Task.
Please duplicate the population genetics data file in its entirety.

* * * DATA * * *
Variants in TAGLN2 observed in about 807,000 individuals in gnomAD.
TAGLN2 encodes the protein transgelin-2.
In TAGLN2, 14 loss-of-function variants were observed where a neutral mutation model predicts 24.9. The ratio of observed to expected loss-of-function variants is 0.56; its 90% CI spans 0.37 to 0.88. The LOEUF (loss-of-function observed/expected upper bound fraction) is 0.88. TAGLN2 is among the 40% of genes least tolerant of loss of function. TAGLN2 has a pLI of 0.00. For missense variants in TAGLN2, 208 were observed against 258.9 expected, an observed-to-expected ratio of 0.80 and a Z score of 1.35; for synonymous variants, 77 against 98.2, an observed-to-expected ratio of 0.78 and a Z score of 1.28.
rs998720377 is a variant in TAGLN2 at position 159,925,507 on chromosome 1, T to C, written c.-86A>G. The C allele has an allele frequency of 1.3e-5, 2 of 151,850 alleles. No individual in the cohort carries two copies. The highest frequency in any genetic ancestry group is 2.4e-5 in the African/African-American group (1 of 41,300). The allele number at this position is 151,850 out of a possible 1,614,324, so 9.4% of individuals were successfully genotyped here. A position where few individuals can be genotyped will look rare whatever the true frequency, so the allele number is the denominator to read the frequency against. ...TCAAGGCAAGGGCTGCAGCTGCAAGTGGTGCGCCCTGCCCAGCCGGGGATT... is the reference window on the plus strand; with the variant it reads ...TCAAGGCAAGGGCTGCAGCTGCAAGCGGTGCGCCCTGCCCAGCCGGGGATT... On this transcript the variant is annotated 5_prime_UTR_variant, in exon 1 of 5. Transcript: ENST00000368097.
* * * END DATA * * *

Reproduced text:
Variants in TAGLN2 observed in about 807,000 individuals in gnomAD.
TAGLN2 encodes the protein transgelin-2.
In TAGLN2, 14 loss-of-function variants were observed where a neutral mutation model predicts 24.9. The ratio of observed to expected loss-of-function variants is 0.56; its 90% CI spans 0.37 to 0.88. The LOEUF (loss-of-function observed/expected upper bound fraction) is 0.88. TAGLN2 is among the 40% of genes least tolerant of loss of function. TAGLN2 has a pLI of 0.00. For missense variants in TAGLN2, 208 were observed against 258.9 expected, an observed-to-expected ratio of 0.80 and a Z score of 1.35; for synonymous variants, 77 against 98.2, an observed-to-expected ratio of 0.78 and a Z score of 1.28.
rs998720377 is a variant in TAGLN2 at position 159,925,507 on chromosome 1, T to C, written c.-86A>G. The C allele has an allele frequency of 1.3e-5, 2 of 151,850 alleles. No individual in the cohort carries two copies. The highest frequency in any genetic ancestry group is 2.4e-5 in the African/African-American group (1 of 41,300). The allele number at this position is 151,850 out of a possible 1,614,324, so 9.4% of individuals were successfully genotyped here. A position where few individuals can be genotyped will look rare whatever the true frequency, so the allele number is the denominator to read the frequency against. ...TCAAGGCAAGGGCTGCAGCTGCAAGTGGTGCGCCCTGCCCAGCCGGGGATT... is the reference window on the plus strand; with the variant it reads ...TCAAGGCAAGGGCTGCAGCTGCAAGCGGTGCGCCCTGCCCAGCCGGGGATT... On this transcript the variant is annotated 5_prime_UTR_variant, in exon 1 of 5. Transcript: ENST00000368097.